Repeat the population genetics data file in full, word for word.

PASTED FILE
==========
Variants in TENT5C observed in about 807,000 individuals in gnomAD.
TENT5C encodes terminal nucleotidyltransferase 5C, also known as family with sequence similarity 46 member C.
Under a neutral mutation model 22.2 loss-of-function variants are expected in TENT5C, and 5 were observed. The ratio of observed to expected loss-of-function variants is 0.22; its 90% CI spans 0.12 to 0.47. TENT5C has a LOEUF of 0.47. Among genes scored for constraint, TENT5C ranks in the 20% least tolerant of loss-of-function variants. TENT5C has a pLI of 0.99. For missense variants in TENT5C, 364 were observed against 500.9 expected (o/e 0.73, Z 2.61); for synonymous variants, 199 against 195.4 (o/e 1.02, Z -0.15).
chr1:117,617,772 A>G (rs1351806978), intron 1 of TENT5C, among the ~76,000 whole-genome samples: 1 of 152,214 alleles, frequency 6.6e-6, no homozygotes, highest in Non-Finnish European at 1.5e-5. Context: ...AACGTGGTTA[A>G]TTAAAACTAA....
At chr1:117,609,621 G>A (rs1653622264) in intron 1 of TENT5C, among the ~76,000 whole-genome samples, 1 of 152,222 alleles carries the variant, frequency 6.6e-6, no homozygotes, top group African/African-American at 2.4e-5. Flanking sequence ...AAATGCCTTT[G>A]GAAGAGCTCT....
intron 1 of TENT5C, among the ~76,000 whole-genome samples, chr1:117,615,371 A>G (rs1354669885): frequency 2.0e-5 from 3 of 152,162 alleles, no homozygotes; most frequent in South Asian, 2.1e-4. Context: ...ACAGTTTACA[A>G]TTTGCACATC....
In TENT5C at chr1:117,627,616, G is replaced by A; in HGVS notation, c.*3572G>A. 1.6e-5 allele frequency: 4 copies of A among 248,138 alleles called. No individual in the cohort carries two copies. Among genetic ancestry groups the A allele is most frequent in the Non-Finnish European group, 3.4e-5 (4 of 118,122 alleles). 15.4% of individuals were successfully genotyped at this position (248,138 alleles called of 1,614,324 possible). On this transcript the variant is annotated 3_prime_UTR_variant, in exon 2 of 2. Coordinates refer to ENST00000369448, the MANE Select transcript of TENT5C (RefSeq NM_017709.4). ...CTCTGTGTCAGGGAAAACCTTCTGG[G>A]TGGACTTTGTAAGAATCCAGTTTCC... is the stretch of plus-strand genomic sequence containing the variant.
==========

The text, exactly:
Variants in TENT5C observed in about 807,000 individuals in gnomAD.
TENT5C encodes terminal nucleotidyltransferase 5C, also known as family with sequence similarity 46 member C.
Under a neutral mutation model 22.2 loss-of-function variants are expected in TENT5C, and 5 were observed. The ratio of observed to expected loss-of-function variants is 0.22; its 90% CI spans 0.12 to 0.47. TENT5C has a LOEUF of 0.47. Among genes scored for constraint, TENT5C ranks in the 20% least tolerant of loss-of-function variants. TENT5C has a pLI of 0.99. For missense variants in TENT5C, 364 were observed against 500.9 expected (o/e 0.73, Z 2.61); for synonymous variants, 199 against 195.4 (o/e 1.02, Z -0.15).
chr1:117,617,772 A>G (rs1351806978), intron 1 of TENT5C, among the ~76,000 whole-genome samples: 1 of 152,214 alleles, frequency 6.6e-6, no homozygotes, highest in Non-Finnish European at 1.5e-5. Context: ...AACGTGGTTA[A>G]TTAAAACTAA....
At chr1:117,609,621 G>A (rs1653622264) in intron 1 of TENT5C, among the ~76,000 whole-genome samples, 1 of 152,222 alleles carries the variant, frequency 6.6e-6, no homozygotes, top group African/African-American at 2.4e-5. Flanking sequence ...AAATGCCTTT[G>A]GAAGAGCTCT....
intron 1 of TENT5C, among the ~76,000 whole-genome samples, chr1:117,615,371 A>G (rs1354669885): frequency 2.0e-5 from 3 of 152,162 alleles, no homozygotes; most frequent in South Asian, 2.1e-4. Context: ...ACAGTTTACA[A>G]TTTGCACATC....
In TENT5C at chr1:117,627,616, G is replaced by A; in HGVS notation, c.*3572G>A. 1.6e-5 allele frequency: 4 copies of A among 248,138 alleles called. No individual in the cohort carries two copies. Among genetic ancestry groups the A allele is most frequent in the Non-Finnish European group, 3.4e-5 (4 of 118,122 alleles). 15.4% of individuals were successfully genotyped at this position (248,138 alleles called of 1,614,324 possible). On this transcript the variant is annotated 3_prime_UTR_variant, in exon 2 of 2. Coordinates refer to ENST00000369448, the MANE Select transcript of TENT5C (RefSeq NM_017709.4). ...CTCTGTGTCAGGGAAAACCTTCTGG[G>A]TGGACTTTGTAAGAATCCAGTTTCC... is the stretch of plus-strand genomic sequence containing the variant.